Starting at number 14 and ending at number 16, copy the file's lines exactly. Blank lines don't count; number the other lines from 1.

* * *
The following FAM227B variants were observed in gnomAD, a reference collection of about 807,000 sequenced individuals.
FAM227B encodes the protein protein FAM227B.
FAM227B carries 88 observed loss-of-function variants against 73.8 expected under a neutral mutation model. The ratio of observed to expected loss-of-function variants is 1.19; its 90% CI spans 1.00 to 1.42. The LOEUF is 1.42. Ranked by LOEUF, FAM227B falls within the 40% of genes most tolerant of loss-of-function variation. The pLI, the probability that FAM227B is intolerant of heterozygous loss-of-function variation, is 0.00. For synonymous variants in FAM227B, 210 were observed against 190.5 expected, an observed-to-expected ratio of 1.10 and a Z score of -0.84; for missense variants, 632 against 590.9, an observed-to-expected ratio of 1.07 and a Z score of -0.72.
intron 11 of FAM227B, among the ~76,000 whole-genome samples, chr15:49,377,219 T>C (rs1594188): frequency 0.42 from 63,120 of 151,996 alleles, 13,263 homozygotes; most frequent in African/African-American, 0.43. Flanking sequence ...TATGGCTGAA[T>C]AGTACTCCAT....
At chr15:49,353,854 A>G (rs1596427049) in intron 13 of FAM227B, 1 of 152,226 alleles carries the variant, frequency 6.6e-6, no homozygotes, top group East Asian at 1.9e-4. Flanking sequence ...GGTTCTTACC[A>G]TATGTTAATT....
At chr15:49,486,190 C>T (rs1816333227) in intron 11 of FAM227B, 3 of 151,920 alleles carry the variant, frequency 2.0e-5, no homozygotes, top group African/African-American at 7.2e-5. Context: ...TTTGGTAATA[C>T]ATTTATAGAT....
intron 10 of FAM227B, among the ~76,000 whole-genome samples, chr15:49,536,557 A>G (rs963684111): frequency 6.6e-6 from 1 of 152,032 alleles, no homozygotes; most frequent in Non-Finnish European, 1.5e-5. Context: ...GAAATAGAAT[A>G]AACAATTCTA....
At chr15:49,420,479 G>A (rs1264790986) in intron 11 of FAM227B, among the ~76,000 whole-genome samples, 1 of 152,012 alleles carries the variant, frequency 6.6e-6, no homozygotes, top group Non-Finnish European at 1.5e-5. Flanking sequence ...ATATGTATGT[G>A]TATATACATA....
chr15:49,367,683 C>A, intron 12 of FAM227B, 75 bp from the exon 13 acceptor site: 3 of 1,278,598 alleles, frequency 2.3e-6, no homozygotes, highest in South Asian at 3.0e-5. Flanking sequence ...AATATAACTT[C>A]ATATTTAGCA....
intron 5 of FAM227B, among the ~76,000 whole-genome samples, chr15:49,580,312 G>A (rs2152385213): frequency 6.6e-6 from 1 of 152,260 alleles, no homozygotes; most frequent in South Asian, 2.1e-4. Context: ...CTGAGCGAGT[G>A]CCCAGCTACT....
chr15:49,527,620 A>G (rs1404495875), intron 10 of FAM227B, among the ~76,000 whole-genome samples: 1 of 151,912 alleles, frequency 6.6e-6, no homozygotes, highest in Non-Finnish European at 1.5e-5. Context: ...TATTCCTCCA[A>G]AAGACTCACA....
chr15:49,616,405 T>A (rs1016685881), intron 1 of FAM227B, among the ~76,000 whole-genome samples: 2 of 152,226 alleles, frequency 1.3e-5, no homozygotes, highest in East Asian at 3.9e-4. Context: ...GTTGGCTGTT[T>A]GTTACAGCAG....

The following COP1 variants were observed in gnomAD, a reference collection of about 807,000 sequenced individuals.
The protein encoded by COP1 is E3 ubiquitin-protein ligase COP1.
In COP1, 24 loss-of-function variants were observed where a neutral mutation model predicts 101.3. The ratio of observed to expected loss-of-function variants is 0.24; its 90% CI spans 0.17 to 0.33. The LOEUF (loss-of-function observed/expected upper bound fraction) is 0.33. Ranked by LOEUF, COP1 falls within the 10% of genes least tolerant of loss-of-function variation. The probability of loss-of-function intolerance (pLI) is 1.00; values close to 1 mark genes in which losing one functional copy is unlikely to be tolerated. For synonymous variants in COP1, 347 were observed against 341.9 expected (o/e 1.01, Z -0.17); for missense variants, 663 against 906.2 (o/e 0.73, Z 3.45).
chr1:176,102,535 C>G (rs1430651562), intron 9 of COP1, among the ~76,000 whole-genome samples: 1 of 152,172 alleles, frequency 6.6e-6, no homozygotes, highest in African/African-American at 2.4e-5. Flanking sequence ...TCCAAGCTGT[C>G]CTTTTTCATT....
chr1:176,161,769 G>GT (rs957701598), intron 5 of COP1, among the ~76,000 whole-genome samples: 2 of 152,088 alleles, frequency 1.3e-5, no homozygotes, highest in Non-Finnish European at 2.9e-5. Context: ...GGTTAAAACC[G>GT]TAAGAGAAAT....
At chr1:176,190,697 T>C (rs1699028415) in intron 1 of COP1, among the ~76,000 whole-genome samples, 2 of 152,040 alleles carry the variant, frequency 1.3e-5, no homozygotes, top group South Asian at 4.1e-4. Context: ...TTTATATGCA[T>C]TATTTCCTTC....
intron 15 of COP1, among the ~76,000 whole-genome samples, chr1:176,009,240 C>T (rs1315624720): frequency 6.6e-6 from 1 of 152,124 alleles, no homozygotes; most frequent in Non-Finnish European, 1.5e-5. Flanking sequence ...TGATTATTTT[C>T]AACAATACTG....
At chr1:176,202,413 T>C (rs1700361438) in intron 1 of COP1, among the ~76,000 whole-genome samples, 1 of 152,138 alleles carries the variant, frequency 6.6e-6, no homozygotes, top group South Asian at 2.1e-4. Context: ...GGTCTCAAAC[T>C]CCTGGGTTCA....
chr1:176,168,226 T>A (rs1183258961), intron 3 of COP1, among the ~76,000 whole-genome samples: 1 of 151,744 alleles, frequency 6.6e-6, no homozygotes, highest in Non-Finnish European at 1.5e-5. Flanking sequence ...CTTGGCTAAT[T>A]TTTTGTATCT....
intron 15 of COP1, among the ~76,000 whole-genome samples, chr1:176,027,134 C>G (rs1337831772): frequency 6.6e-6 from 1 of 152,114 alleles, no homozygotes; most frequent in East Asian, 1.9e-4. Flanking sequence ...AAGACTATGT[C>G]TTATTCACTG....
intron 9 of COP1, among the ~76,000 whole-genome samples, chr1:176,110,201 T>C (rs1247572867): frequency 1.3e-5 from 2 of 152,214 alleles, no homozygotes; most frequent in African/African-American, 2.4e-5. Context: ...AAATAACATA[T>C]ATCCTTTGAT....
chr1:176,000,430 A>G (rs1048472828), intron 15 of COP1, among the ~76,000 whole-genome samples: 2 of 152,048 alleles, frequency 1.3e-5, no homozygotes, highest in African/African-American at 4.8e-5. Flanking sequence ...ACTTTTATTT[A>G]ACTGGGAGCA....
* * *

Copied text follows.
The protein encoded by COP1 is E3 ubiquitin-protein ligase COP1.
In COP1, 24 loss-of-function variants were observed where a neutral mutation model predicts 101.3. The ratio of observed to expected loss-of-function variants is 0.24; its 90% CI spans 0.17 to 0.33. The LOEUF (loss-of-function observed/expected upper bound fraction) is 0.33. Ranked by LOEUF, COP1 falls within the 10% of genes least tolerant of loss-of-function variation. The probability of loss-of-function intolerance (pLI) is 1.00; values close to 1 mark genes in which losing one functional copy is unlikely to be tolerated. For synonymous variants in COP1, 347 were observed against 341.9 expected (o/e 1.01, Z -0.17); for missense variants, 663 against 906.2 (o/e 0.73, Z 3.45).
chr1:176,102,535 C>G (rs1430651562), intron 9 of COP1, among the ~76,000 whole-genome samples: 1 of 152,172 alleles, frequency 6.6e-6, no homozygotes, highest in African/African-American at 2.4e-5. Flanking sequence ...TCCAAGCTGT[C>G]CTTTTTCATT....